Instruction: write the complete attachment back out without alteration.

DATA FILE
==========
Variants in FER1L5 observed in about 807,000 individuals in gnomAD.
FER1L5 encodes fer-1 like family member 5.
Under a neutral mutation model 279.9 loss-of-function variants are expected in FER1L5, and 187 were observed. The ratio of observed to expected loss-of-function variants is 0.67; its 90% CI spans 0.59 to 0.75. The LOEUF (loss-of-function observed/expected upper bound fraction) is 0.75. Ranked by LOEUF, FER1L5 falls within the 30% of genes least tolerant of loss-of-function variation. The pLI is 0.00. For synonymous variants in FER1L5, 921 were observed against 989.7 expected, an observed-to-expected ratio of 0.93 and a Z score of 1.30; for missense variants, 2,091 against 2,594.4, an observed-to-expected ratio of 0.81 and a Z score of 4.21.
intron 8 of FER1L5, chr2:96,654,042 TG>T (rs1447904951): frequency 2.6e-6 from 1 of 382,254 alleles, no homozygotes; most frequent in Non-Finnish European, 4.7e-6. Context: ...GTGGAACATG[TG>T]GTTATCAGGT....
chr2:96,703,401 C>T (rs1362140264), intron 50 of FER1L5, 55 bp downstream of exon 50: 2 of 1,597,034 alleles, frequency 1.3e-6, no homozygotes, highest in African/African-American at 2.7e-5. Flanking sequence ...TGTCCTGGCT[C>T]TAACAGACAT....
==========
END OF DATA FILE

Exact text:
Variants in FER1L5 observed in about 807,000 individuals in gnomAD.
FER1L5 encodes fer-1 like family member 5.
Under a neutral mutation model 279.9 loss-of-function variants are expected in FER1L5, and 187 were observed. The ratio of observed to expected loss-of-function variants is 0.67; its 90% CI spans 0.59 to 0.75. The LOEUF (loss-of-function observed/expected upper bound fraction) is 0.75. Ranked by LOEUF, FER1L5 falls within the 30% of genes least tolerant of loss-of-function variation. The pLI is 0.00. For synonymous variants in FER1L5, 921 were observed against 989.7 expected, an observed-to-expected ratio of 0.93 and a Z score of 1.30; for missense variants, 2,091 against 2,594.4, an observed-to-expected ratio of 0.81 and a Z score of 4.21.
intron 8 of FER1L5, chr2:96,654,042 TG>T (rs1447904951): frequency 2.6e-6 from 1 of 382,254 alleles, no homozygotes; most frequent in Non-Finnish European, 4.7e-6. Context: ...GTGGAACATG[TG>T]GTTATCAGGT....
chr2:96,703,401 C>T (rs1362140264), intron 50 of FER1L5, 55 bp downstream of exon 50: 2 of 1,597,034 alleles, frequency 1.3e-6, no homozygotes, highest in African/African-American at 2.7e-5. Flanking sequence ...TGTCCTGGCT[C>T]TAACAGACAT....